Thus I often end up splitting the difference, replying personally to as much of their e-mail as I have time for, and spending a few minutes doing an internet search for articles that I know will answer the person’s questions, either written by me or someone who I know does good work, and giving them the links. So I replied,
Thanks for writing. I’m busy on deadline for my magazine Skeptical Inquirer, but I will try to answer your questions as best I can briefly.
Most of your questions about my opinion about ghosts can be found here: https://www.livescience.com/26697-are-ghosts-real.html. I don’t know for sure if ghosts are real, but so far there hasn’t been any good scientific proof of them, so my best guess is no. But most people who report ghosts are not crazy or stupid, they just saw something they couldn’t explain. You asked about ghost hunting equipment, here’s an in-depth response I wrote: https://www.csicop.org/si/show/ghost-hunting_mistakes_science_and_pseudoscience_in_ghost_investigations/
I’ve always been interested in finding out the truth behind mysteries, including ghosts! I’ve seen many alleged ghost photos and videos but nothing that I consider to be paranormal. I have never personal seen a ghost, and never talked to one, but maybe if they exist they’re just shy around me. I also found another resource for you, if you’re looking for more information: https://www.fastcompany.com/3037027/most-creative-people/meet-the-actual-ghostbuster
I hope this, and the links above, help! Have a great holidays and a Merry Christmas!”
I know it’s not great and it’s hardly comprehensive, but it was about the best I could do; it took about 15 minutes to write out the response and find and add the reference links. I was tired, had a lot of work to get to, including a new book out next year.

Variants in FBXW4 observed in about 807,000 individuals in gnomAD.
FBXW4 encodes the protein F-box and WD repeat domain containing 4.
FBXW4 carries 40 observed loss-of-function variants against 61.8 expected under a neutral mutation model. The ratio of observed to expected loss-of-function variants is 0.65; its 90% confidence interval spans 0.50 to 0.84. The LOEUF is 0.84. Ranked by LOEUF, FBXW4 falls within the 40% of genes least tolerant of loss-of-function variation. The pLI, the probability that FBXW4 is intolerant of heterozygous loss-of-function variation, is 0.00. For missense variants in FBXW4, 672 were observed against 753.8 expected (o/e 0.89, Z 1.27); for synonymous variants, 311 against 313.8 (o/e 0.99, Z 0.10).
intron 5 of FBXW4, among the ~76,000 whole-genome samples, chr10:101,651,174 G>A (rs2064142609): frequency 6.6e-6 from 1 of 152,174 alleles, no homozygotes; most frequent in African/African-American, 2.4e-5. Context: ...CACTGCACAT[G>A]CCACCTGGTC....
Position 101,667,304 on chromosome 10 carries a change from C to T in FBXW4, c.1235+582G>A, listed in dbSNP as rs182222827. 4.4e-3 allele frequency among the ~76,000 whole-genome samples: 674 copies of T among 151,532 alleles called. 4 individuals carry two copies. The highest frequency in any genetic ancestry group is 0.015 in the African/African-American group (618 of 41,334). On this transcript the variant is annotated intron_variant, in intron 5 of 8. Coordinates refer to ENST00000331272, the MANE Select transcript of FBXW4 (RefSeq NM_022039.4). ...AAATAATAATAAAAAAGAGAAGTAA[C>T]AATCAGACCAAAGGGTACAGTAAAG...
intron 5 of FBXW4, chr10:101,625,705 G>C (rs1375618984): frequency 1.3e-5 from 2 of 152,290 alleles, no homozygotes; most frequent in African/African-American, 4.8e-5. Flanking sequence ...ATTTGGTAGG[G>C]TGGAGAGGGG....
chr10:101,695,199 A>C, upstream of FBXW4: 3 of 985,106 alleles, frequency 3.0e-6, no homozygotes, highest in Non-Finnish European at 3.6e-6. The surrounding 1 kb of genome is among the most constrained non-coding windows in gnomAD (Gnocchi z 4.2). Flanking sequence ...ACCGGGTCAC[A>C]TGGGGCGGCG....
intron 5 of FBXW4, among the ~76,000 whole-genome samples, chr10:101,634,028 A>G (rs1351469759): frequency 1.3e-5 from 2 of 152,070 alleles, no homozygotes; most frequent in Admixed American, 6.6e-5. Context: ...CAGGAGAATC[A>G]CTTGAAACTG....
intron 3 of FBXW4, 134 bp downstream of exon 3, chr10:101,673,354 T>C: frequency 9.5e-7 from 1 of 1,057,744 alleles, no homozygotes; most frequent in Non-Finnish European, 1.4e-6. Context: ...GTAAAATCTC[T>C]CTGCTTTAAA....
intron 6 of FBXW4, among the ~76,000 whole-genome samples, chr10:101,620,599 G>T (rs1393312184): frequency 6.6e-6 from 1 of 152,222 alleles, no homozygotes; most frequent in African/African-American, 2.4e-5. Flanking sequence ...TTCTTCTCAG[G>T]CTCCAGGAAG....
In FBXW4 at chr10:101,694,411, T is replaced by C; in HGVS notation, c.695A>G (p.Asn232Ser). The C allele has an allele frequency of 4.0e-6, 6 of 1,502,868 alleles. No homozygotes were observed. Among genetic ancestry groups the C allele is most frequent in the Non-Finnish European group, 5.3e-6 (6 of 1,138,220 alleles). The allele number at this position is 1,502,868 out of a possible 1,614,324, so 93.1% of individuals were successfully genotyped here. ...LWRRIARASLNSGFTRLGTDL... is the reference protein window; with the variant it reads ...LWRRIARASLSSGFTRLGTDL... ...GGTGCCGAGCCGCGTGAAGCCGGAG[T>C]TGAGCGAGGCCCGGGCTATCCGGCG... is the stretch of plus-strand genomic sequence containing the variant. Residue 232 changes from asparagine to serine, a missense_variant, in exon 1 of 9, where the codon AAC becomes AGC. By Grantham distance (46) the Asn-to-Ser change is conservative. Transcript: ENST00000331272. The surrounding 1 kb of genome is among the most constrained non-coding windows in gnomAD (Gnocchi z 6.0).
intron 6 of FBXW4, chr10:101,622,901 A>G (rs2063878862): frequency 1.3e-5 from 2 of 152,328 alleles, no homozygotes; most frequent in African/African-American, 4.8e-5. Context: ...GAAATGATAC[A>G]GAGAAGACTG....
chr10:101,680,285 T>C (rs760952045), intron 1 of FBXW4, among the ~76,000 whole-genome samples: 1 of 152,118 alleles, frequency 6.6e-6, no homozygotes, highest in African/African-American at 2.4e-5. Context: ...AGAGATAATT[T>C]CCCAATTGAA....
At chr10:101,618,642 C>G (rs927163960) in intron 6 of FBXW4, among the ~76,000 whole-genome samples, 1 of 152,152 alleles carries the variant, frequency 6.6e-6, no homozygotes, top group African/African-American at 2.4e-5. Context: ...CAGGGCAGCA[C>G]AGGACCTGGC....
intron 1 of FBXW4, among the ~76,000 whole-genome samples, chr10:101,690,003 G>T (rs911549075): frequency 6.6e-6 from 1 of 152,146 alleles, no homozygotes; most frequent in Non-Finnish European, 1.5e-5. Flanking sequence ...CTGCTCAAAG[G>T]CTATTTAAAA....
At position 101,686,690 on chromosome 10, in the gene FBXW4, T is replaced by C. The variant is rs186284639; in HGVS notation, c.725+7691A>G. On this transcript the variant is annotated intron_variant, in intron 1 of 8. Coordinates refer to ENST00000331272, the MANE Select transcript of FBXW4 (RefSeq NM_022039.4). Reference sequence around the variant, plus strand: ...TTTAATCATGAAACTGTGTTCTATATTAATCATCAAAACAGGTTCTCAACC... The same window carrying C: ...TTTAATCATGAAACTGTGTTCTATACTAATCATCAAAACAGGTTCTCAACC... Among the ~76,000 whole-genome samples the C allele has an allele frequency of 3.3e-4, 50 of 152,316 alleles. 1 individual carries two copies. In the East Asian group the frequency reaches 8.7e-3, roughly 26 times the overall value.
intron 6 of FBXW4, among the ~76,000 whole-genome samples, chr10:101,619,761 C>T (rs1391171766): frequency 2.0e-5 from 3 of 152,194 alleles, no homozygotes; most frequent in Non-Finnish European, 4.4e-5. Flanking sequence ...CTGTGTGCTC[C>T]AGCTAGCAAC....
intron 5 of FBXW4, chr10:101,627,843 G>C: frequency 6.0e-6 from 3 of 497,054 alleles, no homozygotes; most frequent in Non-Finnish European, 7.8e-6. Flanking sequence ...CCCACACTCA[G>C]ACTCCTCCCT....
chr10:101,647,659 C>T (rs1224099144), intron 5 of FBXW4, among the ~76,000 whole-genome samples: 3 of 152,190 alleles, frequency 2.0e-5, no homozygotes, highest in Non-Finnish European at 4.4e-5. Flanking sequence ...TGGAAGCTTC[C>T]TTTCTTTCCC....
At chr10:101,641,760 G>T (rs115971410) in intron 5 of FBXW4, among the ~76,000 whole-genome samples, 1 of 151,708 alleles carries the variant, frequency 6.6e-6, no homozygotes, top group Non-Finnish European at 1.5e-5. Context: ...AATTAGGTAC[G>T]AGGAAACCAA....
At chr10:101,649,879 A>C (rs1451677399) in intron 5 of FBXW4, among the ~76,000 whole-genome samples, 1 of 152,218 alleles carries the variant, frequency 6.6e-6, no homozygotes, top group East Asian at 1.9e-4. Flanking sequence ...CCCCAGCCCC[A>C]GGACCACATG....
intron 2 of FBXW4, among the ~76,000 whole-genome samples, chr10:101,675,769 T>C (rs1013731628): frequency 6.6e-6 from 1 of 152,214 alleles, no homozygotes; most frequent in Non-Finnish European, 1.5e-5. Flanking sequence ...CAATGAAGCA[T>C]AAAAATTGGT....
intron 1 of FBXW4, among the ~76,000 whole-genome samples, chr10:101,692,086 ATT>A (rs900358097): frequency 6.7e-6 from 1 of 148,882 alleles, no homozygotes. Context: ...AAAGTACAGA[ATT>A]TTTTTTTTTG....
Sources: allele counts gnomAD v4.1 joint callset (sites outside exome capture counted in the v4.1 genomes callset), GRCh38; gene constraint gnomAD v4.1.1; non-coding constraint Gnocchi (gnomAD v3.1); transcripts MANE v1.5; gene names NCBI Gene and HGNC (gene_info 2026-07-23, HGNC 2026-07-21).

I hope it was enough for Madelyn and she got an A on her report or presentation or whatever it was. Usually I never hear from them again, but every now and then I’ll get a follow-up from someone thanking me for replying; earlier this year a student named Keyri wrote back, “Thank you so much for spending some time on my questions, it means a lot to me that someone cares since everyone else turned me down. I really hope the truth about ‘el chupacabra’ comes out! Thanks again and good luck to you.” (An image of it is included above)
On a final note, I should explain why it’s important to me to reply to the public, and especially kids. One of the main reasons I got into skepticism and involved with science literacy was the only time I met Carl Sagan, in Albuquerque I think it was. He was the guest speaker, and I was in a room with about 40 or 50 other people who stood in line to meet him. I waited my turn, and when I got up there I just wanted to shake his hand, thank him for all his work, and get out of the way-after all, there were 30 people behind me, most of them probably more important than I was, as just an anonymous young kid. “Sit down,” he said with a smile. “I shouldn’t,” I replied, gesturing to the line behind me. He motioned again to the chair in front of me, and when I sat he asked me who I was, what I was interested in, and why I was there. He was warm and sincere and genuine.
We only spoke for about four or five minutes, but it seemed like an hour and during that time he made me feel important, respected, listened to, and worthy of the time and attention of one of the world’s top science popularizers. That was decades ago and I’ve never forgotten that, and it’s part of the reason why, to this day, I still try to respond personally to schoolchildren, journalists, and members of the public who contact me for information or advice about something I’ve researched or investigated. Obviously I can’t spend hours each week doing it, but I can spare a few minutes for a personal reply. Whether some young kid, or someone in prison, famous or anonymous, you never know what effect a small act of kindness and compassion, or a few minutes of your time, may have on someone. Maybe even Madelyn.